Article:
Date of Award


Document Type

Campus Access Dissertation

Degree Name

Doctor of Philosophy (PhD)


Clinical Psychology

First Advisor

Jean Rhodes

Second Advisor

Abbey Eisenhower

Third Advisor

Richard M. Lerner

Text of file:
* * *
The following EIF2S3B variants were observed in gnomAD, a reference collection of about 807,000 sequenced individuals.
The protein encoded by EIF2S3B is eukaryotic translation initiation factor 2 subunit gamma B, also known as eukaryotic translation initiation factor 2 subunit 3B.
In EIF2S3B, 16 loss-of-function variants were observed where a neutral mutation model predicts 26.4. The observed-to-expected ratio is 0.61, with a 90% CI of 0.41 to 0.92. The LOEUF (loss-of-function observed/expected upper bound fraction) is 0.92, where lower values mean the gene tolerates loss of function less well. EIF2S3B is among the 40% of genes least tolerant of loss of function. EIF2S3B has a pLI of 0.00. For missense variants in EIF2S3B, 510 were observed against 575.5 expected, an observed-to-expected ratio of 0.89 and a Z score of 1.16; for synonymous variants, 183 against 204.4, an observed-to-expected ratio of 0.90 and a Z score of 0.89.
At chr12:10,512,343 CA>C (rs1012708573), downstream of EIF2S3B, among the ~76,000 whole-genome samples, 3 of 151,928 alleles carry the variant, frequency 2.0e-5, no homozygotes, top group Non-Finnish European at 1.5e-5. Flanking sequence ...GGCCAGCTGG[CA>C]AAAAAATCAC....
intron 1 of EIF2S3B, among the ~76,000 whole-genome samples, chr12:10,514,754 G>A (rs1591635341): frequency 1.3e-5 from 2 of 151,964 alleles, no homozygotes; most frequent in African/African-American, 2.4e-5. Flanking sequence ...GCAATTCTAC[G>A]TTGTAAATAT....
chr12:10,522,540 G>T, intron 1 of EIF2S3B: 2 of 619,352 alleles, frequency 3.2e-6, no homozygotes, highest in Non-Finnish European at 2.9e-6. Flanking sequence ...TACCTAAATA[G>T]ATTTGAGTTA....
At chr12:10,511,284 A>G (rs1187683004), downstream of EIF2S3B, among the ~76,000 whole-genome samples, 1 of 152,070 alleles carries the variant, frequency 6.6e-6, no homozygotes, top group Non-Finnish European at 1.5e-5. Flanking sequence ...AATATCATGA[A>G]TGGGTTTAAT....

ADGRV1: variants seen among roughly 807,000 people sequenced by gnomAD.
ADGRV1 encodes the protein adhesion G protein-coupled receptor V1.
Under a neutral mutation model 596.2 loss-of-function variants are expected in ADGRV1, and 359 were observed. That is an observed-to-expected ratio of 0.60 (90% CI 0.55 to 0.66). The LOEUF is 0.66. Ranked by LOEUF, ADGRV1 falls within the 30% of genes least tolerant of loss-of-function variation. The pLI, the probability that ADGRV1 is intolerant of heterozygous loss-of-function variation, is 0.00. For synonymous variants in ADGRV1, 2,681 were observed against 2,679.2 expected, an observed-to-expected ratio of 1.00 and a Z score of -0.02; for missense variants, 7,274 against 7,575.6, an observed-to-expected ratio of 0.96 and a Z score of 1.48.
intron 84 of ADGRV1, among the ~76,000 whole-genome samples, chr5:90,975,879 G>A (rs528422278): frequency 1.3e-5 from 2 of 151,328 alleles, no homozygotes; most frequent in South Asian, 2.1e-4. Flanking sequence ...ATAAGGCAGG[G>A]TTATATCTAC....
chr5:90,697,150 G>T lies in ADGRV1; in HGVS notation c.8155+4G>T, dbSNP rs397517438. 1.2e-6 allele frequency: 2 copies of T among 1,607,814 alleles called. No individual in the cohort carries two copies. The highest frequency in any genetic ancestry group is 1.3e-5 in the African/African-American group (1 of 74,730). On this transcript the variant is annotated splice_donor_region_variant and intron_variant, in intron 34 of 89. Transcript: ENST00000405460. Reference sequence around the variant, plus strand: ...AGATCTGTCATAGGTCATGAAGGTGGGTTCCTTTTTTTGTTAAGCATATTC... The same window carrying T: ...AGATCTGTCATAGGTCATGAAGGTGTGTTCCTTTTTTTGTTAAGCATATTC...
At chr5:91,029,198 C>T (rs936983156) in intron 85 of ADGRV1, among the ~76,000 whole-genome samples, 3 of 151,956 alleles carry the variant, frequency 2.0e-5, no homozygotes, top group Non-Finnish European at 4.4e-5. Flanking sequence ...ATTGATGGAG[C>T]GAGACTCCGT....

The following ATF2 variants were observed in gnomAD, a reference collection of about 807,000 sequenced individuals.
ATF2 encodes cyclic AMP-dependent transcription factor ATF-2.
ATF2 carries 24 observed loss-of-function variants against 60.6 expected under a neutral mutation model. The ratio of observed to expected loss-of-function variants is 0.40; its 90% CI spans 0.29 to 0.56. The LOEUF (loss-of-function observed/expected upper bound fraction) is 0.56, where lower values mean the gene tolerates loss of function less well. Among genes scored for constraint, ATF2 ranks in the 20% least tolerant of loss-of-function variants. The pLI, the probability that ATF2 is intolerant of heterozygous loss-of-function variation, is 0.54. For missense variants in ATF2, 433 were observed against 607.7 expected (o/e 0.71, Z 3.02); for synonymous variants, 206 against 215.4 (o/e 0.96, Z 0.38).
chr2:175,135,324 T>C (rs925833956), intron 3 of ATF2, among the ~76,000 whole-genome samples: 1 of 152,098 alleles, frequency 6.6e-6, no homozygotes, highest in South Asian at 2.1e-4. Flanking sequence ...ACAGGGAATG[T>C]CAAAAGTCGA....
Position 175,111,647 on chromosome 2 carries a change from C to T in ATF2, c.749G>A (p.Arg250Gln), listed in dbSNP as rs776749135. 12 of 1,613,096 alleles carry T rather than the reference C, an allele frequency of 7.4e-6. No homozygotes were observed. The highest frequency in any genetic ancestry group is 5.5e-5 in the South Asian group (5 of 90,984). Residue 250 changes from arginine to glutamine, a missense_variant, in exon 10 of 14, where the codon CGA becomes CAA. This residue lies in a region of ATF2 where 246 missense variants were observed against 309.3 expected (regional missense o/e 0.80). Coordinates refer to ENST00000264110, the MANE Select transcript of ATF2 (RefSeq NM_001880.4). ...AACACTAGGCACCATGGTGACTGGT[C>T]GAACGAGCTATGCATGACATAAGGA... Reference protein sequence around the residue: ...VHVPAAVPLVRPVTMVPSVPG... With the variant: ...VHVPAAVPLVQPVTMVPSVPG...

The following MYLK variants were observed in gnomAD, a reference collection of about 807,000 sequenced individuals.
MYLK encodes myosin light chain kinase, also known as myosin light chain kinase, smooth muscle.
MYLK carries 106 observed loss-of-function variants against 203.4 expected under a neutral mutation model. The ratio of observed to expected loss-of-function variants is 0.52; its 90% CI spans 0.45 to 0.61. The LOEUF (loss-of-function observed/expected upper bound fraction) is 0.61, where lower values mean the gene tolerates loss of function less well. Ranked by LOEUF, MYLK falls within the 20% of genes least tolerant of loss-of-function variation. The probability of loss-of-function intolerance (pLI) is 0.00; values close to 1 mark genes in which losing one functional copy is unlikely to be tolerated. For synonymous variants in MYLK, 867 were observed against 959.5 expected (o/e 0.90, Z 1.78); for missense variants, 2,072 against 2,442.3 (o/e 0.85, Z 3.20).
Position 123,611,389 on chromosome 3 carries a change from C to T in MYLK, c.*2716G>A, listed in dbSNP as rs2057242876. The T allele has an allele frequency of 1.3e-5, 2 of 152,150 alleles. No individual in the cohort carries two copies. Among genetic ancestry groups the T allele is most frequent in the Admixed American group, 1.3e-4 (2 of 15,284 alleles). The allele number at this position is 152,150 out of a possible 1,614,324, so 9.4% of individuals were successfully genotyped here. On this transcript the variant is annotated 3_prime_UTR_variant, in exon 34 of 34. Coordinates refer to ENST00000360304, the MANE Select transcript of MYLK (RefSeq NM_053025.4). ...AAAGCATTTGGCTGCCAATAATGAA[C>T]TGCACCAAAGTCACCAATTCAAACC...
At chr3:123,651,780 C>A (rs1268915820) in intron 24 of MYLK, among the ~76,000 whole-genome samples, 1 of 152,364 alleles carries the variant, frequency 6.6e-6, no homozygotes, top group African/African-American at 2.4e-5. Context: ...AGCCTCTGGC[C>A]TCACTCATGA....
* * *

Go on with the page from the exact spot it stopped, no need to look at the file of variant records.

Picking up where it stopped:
This study explores the relationship between patterns of OST activity participation and civic engagement. Civic engagement is assessed through the Active Engaged Citizenship (AEC) measure, which is comprised of four components: civic duty, civic efficacy, neighborhood social connection, and civic participation. A person-centered analysis was initially used to define OST activity participation patterns in adolescents. LPA and LCA results were inconclusive, but a cluster analysis using Ward’s method (and a k-means relocation on the Ward’s solution) revealed 12 distinct patterns of OST activity participation in eighth-grade youth, based on levels of participation in seven categories comprising 37 total activities. ANOVAs revealed significant differences in civic engagement among clusters, and clusters characterized by higher levels of involvement in three or more activity categories also had the highest AEC scores. Youth associated with certain activity clusters (sports-only, work, and low-engaged) tended to have the lowest AEC scores. Breadth of participation was positively associated with civic engagement. When used as a covariate, breadth accounted for a great deal of the variance in AEC scores among clusters. Only three clusters (all characterized by high levels of participation in religious activities) remained significantly different from low-engaged youth in terms of civic engagement when breadth of activity participation was controlled. Implications of these findings are discussed, and recommendations are made concerning future research on civic engagement and OST activity participation.


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